Podcast :: Under The Bridge #33: Check My Kurt Cobain Cover

“Me and Oli Wood will punch each other in the face and punk rock will end” – Ian Critchley

The latest Under The Bridge has everything you could possibly want from a podcast. Well maybe not everything, but it’s pretty much all there. We’ve attempted to be funny, we dragged Emma Hallows in to be our guest again and we’re playing new tunes from the likes of theHell, Sharks and Above Them. As per usual it’s not for the faint hearted, but I doubt there’s many out there that can resist the charms of Moon & Back’s dynamic duo.

Alongside the new music and general offensiveness, we also answer some questions from the community and have really ‘deep’ discussions on a number of topics including predicting how punk rock will end! Do you know what you’re looking forward to in 2012? Neither do we! We had a go at trying to hype some stuff up though. Tell us if it worked by emailing us at utbcast [at] gmail [dot] com, or by messaging us on Facebook and Twitter.

Go on, have a listen:

Under The Bridge #33: Check My Kurt Cobain Cover

Album Review :: This is Hell – Black Mass

Hell hath no fury like Thrash metal hardocirts!

Started in 2004, thrash metal and hardcore crossover artists This is Hell produce their latest album, 2011’s Black Mass. With a growing fan base across the globe and steady, if somewhat frustratingly stagnant rise in popularity, the question has to be asked, is there still room for this genre of music in the modern market or is it simply an overbearing, loud, throwback to decades gone by.

This is Hell are a Long Island, NY based band who are stretching their burning, hell infused, black nail polished fingers across the states and globally having played gigs in the US and Canada as recently as October of this year. With a refreshingly upbeat and enthusiastic attitude, something that can sadly be a amiss in artists following this genre of music, the work ethic and effort of This is Hell can not be questioned.

The album itself, Black Mass, released via Rise Records, is the first since 2010’s Past Present is as furious and ear drum blasting as could ever be expected from a band and album title such as this. With competent guitar work from Rick Jiminez and his accompanying percussion section of Pieter van den Berg on bass and Mike Sciulara, the musical composition on tracks such as “Acid Rain”, “Black History” and the less than creative, every cliché in the book thrown in at once if that’s at all possible titles “Black Mass,” are fine examples of the musicians at their best. Vocals by Travis Reilly again are more than competent and is more than in keeping with the traditions of the past thrash masters of old, from James Hetfield to Joey Belladonna.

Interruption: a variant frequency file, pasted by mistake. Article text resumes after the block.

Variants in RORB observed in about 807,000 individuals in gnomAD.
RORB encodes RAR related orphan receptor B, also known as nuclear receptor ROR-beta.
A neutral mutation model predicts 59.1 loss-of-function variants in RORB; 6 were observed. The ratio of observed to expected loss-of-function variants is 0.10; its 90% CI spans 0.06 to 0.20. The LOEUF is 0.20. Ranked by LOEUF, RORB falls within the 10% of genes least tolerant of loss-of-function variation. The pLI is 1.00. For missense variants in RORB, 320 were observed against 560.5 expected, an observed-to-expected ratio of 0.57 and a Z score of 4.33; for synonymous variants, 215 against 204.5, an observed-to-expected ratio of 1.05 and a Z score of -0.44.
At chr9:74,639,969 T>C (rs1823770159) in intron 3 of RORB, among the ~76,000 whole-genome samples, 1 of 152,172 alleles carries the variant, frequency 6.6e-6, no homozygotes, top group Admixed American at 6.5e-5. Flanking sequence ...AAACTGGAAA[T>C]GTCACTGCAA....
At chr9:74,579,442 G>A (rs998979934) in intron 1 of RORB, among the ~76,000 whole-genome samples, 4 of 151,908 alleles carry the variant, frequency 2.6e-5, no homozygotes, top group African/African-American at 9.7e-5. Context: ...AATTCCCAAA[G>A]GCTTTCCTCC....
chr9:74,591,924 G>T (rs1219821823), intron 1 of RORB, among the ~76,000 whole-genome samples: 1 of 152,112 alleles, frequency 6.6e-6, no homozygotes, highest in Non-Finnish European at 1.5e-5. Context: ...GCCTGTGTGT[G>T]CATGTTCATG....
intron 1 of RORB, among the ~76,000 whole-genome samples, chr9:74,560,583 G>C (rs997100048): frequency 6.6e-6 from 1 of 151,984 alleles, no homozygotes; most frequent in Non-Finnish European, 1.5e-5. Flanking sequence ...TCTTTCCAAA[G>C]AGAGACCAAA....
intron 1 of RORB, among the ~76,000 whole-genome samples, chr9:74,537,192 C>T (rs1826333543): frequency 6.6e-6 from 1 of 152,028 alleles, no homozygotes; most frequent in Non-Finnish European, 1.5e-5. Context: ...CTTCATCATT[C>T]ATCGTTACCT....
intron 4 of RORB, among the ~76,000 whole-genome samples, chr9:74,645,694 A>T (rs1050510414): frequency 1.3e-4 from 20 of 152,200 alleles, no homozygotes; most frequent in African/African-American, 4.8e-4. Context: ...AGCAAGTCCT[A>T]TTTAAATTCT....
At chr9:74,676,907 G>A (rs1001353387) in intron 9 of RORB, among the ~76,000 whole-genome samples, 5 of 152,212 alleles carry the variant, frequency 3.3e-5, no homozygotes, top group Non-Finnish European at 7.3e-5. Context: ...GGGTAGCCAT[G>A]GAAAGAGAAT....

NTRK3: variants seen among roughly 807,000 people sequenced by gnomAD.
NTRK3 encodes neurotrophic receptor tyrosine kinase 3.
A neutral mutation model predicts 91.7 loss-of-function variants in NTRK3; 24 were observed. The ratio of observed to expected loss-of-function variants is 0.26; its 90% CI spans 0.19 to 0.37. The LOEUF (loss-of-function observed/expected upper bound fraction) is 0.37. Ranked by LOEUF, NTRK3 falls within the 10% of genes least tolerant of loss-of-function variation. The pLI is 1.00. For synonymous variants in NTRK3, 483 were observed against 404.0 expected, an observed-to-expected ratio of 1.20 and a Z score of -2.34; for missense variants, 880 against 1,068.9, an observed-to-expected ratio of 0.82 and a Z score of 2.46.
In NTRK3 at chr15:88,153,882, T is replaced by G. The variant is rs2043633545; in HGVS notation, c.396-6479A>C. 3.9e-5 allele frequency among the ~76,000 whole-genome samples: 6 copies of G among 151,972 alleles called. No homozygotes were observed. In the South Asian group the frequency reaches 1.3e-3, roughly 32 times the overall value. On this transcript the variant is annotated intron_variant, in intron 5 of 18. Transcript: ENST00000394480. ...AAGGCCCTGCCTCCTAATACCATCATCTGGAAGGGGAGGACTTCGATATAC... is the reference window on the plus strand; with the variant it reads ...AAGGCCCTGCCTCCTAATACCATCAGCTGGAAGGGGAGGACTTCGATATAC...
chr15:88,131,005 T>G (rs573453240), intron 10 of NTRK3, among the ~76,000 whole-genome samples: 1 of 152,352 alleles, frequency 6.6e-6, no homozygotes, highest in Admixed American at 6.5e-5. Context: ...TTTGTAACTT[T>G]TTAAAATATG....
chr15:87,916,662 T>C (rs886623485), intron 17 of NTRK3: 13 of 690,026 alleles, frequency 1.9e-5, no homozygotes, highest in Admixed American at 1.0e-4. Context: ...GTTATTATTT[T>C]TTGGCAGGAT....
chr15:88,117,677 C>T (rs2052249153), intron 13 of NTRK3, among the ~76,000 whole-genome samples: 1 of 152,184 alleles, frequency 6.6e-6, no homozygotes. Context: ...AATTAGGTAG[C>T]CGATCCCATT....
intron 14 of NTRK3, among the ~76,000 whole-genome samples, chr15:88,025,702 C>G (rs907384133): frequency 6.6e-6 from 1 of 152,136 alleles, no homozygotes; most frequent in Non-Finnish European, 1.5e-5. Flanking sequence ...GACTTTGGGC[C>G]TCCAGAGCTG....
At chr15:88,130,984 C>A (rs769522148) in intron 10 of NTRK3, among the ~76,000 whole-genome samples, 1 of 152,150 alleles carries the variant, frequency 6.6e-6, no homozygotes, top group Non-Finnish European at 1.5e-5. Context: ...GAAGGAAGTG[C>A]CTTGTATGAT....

But there is something amiss as an overall sound. It is perhaps not fair to lay the blame at the foot of This is Hell as they are merely the catalyst for this thought provocation. There is something distinctly old fashioned and out of date about this type of music. Where as at the beginning of the 21st century, when Nu Metal was at its peak, Green Day were on the cusp of selling out and it seemed like every youth the country over was skateboarding, wearing baggy jeans and Nirvana hoodies, as sad as it is to admit for certain circles of society, those days are long gone now.

And with their departure it seems that the market has vanished too. This of course is no great surprise, in the music industry, demand and popularity translate into pounds and dollars easier than “et tu Brute?” It is a results driven industry and it would seem that Thrash metal, hardcore crossover bands have missed the boat by about ten years.
This is not to say that there is not a scene available for those who are just coming into this music or those who remember the glory days and wish to relive their youth. There are plenty of bands, This is Hell being one of them, who still produce good music, albeit aimed at such a tight, close knit market it hardly seems to register on any big scale, even in the seemingly tireless world of endless social media. Is it fair that a band such as This is Hell have just over 12,000 likes on Facebook when “Saying ‘okay’ a million times just to get you parents to stop talking” has more than ten times that many. Maybe or maybe not but it is still the reality.
It would seem now that in the advent of pop music’s domination, bedroom DJs and producers, Thrash metal and all of its subsidiaries have been left behind in the dark, cold, 2000s with only their lengthening, greying hair and sharp edged guitars for company. But with a little enthusiasm and dedication to their cause, success and its varying degrees can still be found for bands like This is Hell and their kin.
Jonathan Whitelaw


Check out This is Hell’s MySpace page for details of their upcoming 2012 UK tour.

Interview :: Nuno Pereira (A Wilhelm Scream)

“Oh he’s gonna shit talk Blackpool” – Nuno Pereira (A Wilhelm Scream)

After a lengthy tour of mainland Europe, A Wilhelm Scream recently embarked on a few dates around the UK. The Boston-based punk outfit were playing a show in Manchester, so we went down and caught up with, singer, Nuno Pereira. We talked about spending time in Europe, the city of Blackpool, Smacking Isaiah and why the band covered The Outfield’s ‘Your Love’.



Single Review :: Funeral For A Friend – Broken Foundation

“…a highlight of the band’s career”

Funeral For A Friend are back with the third single to be released of their latest album, the brilliant ‘Welcome Home Armageddon’. Broken Foundation is a return to form for the welsh rockers that will keep both new and older fans happy.


On the heals of ‘Tales Don’t Tell Themselves’, weaker and softer tunes left the band stuck in the ‘emo’ trap and competing with pop-punk bands instead of staying to their roots. Thankfully they refused to conform any longer and are back and better than ever.